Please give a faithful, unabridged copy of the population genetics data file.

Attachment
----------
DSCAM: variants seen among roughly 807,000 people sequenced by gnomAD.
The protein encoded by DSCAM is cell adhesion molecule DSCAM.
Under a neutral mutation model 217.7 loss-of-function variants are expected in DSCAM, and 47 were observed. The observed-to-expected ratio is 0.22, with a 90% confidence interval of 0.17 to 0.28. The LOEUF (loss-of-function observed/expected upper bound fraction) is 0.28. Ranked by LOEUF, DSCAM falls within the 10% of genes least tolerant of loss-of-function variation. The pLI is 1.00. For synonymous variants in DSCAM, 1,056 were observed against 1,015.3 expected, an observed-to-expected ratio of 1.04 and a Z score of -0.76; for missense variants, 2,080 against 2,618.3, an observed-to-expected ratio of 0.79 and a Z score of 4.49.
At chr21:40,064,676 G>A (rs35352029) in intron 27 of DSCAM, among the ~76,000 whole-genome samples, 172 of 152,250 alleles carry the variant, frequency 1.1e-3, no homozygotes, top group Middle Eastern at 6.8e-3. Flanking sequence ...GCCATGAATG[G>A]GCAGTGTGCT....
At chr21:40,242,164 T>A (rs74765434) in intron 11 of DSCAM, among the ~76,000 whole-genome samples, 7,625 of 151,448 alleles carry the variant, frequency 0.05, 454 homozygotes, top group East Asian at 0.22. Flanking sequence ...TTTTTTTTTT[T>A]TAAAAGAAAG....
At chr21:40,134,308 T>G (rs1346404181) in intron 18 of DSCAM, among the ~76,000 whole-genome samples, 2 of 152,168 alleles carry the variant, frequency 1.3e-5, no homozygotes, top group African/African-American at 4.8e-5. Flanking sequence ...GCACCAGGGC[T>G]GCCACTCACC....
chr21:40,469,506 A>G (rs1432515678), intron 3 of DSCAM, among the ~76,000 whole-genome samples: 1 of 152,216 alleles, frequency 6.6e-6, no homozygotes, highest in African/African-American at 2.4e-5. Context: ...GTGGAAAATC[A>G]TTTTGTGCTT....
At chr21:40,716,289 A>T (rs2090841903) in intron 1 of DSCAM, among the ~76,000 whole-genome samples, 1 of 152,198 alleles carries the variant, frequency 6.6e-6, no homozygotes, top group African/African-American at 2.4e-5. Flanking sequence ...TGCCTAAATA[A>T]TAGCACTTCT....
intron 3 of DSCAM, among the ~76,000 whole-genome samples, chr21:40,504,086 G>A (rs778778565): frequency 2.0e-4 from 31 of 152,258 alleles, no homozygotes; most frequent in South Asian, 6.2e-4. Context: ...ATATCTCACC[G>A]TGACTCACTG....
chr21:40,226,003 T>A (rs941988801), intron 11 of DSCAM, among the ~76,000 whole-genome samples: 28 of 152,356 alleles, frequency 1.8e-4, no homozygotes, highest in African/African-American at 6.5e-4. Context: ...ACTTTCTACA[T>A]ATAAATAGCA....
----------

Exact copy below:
DSCAM: variants seen among roughly 807,000 people sequenced by gnomAD.
The protein encoded by DSCAM is cell adhesion molecule DSCAM.
Under a neutral mutation model 217.7 loss-of-function variants are expected in DSCAM, and 47 were observed. The observed-to-expected ratio is 0.22, with a 90% confidence interval of 0.17 to 0.28. The LOEUF (loss-of-function observed/expected upper bound fraction) is 0.28. Ranked by LOEUF, DSCAM falls within the 10% of genes least tolerant of loss-of-function variation. The pLI is 1.00. For synonymous variants in DSCAM, 1,056 were observed against 1,015.3 expected, an observed-to-expected ratio of 1.04 and a Z score of -0.76; for missense variants, 2,080 against 2,618.3, an observed-to-expected ratio of 0.79 and a Z score of 4.49.
At chr21:40,064,676 G>A (rs35352029) in intron 27 of DSCAM, among the ~76,000 whole-genome samples, 172 of 152,250 alleles carry the variant, frequency 1.1e-3, no homozygotes, top group Middle Eastern at 6.8e-3. Flanking sequence ...GCCATGAATG[G>A]GCAGTGTGCT....
At chr21:40,242,164 T>A (rs74765434) in intron 11 of DSCAM, among the ~76,000 whole-genome samples, 7,625 of 151,448 alleles carry the variant, frequency 0.05, 454 homozygotes, top group East Asian at 0.22. Flanking sequence ...TTTTTTTTTT[T>A]TAAAAGAAAG....
At chr21:40,134,308 T>G (rs1346404181) in intron 18 of DSCAM, among the ~76,000 whole-genome samples, 2 of 152,168 alleles carry the variant, frequency 1.3e-5, no homozygotes, top group African/African-American at 4.8e-5. Flanking sequence ...GCACCAGGGC[T>G]GCCACTCACC....
chr21:40,469,506 A>G (rs1432515678), intron 3 of DSCAM, among the ~76,000 whole-genome samples: 1 of 152,216 alleles, frequency 6.6e-6, no homozygotes, highest in African/African-American at 2.4e-5. Context: ...GTGGAAAATC[A>G]TTTTGTGCTT....
At chr21:40,716,289 A>T (rs2090841903) in intron 1 of DSCAM, among the ~76,000 whole-genome samples, 1 of 152,198 alleles carries the variant, frequency 6.6e-6, no homozygotes, top group African/African-American at 2.4e-5. Flanking sequence ...TGCCTAAATA[A>T]TAGCACTTCT....
intron 3 of DSCAM, among the ~76,000 whole-genome samples, chr21:40,504,086 G>A (rs778778565): frequency 2.0e-4 from 31 of 152,258 alleles, no homozygotes; most frequent in South Asian, 6.2e-4. Context: ...ATATCTCACC[G>A]TGACTCACTG....
chr21:40,226,003 T>A (rs941988801), intron 11 of DSCAM, among the ~76,000 whole-genome samples: 28 of 152,356 alleles, frequency 1.8e-4, no homozygotes, highest in African/African-American at 6.5e-4. Context: ...ACTTTCTACA[T>A]ATAAATAGCA....